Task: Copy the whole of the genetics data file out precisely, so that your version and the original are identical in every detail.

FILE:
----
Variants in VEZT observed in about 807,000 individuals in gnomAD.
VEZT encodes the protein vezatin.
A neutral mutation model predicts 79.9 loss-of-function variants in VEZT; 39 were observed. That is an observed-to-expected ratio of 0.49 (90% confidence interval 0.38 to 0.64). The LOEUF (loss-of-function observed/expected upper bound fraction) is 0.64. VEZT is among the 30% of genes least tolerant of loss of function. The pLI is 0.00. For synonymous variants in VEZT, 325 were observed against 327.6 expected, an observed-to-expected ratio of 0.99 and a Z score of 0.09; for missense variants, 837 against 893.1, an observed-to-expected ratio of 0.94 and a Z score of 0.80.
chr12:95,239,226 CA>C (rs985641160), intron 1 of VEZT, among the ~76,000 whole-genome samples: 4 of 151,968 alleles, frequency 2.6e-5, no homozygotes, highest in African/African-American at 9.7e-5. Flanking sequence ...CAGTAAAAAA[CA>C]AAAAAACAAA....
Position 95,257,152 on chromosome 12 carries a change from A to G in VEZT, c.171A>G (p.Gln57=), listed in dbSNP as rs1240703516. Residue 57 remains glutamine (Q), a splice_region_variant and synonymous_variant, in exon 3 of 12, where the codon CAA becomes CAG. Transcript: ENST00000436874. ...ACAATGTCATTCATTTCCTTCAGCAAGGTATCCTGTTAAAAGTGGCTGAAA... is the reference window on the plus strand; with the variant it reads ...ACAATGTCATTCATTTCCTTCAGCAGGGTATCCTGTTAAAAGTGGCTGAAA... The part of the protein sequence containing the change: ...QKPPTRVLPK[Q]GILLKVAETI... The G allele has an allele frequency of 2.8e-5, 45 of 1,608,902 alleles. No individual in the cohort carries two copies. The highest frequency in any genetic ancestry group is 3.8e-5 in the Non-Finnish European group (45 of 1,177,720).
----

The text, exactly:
Variants in VEZT observed in about 807,000 individuals in gnomAD.
VEZT encodes the protein vezatin.
A neutral mutation model predicts 79.9 loss-of-function variants in VEZT; 39 were observed. That is an observed-to-expected ratio of 0.49 (90% confidence interval 0.38 to 0.64). The LOEUF (loss-of-function observed/expected upper bound fraction) is 0.64. VEZT is among the 30% of genes least tolerant of loss of function. The pLI is 0.00. For synonymous variants in VEZT, 325 were observed against 327.6 expected, an observed-to-expected ratio of 0.99 and a Z score of 0.09; for missense variants, 837 against 893.1, an observed-to-expected ratio of 0.94 and a Z score of 0.80.
chr12:95,239,226 CA>C (rs985641160), intron 1 of VEZT, among the ~76,000 whole-genome samples: 4 of 151,968 alleles, frequency 2.6e-5, no homozygotes, highest in African/African-American at 9.7e-5. Flanking sequence ...CAGTAAAAAA[CA>C]AAAAAACAAA....
Position 95,257,152 on chromosome 12 carries a change from A to G in VEZT, c.171A>G (p.Gln57=), listed in dbSNP as rs1240703516. Residue 57 remains glutamine (Q), a splice_region_variant and synonymous_variant, in exon 3 of 12, where the codon CAA becomes CAG. Transcript: ENST00000436874. ...ACAATGTCATTCATTTCCTTCAGCAAGGTATCCTGTTAAAAGTGGCTGAAA... is the reference window on the plus strand; with the variant it reads ...ACAATGTCATTCATTTCCTTCAGCAGGGTATCCTGTTAAAAGTGGCTGAAA... The part of the protein sequence containing the change: ...QKPPTRVLPK[Q]GILLKVAETI... The G allele has an allele frequency of 2.8e-5, 45 of 1,608,902 alleles. No individual in the cohort carries two copies. The highest frequency in any genetic ancestry group is 3.8e-5 in the Non-Finnish European group (45 of 1,177,720).